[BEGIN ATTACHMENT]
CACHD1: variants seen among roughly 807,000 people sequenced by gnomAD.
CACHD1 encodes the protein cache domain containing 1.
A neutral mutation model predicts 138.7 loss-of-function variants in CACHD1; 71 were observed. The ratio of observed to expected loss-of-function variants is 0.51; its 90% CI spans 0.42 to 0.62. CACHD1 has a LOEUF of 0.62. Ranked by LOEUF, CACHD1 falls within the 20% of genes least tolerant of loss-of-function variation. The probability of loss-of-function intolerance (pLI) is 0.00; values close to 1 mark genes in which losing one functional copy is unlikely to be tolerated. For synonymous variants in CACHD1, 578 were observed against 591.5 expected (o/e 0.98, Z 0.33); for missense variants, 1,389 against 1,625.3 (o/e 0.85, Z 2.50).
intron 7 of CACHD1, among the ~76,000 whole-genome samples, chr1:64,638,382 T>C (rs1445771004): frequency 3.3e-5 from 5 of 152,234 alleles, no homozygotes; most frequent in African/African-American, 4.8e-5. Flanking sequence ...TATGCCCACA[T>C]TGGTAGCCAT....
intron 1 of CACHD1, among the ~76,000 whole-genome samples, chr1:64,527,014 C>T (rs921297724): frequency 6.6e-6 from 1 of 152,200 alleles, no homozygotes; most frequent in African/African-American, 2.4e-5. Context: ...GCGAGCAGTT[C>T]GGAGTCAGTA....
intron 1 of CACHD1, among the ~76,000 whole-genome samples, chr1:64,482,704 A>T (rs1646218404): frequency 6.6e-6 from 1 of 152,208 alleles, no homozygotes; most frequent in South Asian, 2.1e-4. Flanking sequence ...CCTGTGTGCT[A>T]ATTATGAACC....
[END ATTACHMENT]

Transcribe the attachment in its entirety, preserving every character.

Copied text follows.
CACHD1: variants seen among roughly 807,000 people sequenced by gnomAD.
CACHD1 encodes the protein cache domain containing 1.
A neutral mutation model predicts 138.7 loss-of-function variants in CACHD1; 71 were observed. The ratio of observed to expected loss-of-function variants is 0.51; its 90% CI spans 0.42 to 0.62. CACHD1 has a LOEUF of 0.62. Ranked by LOEUF, CACHD1 falls within the 20% of genes least tolerant of loss-of-function variation. The probability of loss-of-function intolerance (pLI) is 0.00; values close to 1 mark genes in which losing one functional copy is unlikely to be tolerated. For synonymous variants in CACHD1, 578 were observed against 591.5 expected (o/e 0.98, Z 0.33); for missense variants, 1,389 against 1,625.3 (o/e 0.85, Z 2.50).
intron 7 of CACHD1, among the ~76,000 whole-genome samples, chr1:64,638,382 T>C (rs1445771004): frequency 3.3e-5 from 5 of 152,234 alleles, no homozygotes; most frequent in African/African-American, 4.8e-5. Flanking sequence ...TATGCCCACA[T>C]TGGTAGCCAT....
intron 1 of CACHD1, among the ~76,000 whole-genome samples, chr1:64,527,014 C>T (rs921297724): frequency 6.6e-6 from 1 of 152,200 alleles, no homozygotes; most frequent in African/African-American, 2.4e-5. Context: ...GCGAGCAGTT[C>T]GGAGTCAGTA....
intron 1 of CACHD1, among the ~76,000 whole-genome samples, chr1:64,482,704 A>T (rs1646218404): frequency 6.6e-6 from 1 of 152,208 alleles, no homozygotes; most frequent in South Asian, 2.1e-4. Flanking sequence ...CCTGTGTGCT[A>T]ATTATGAACC....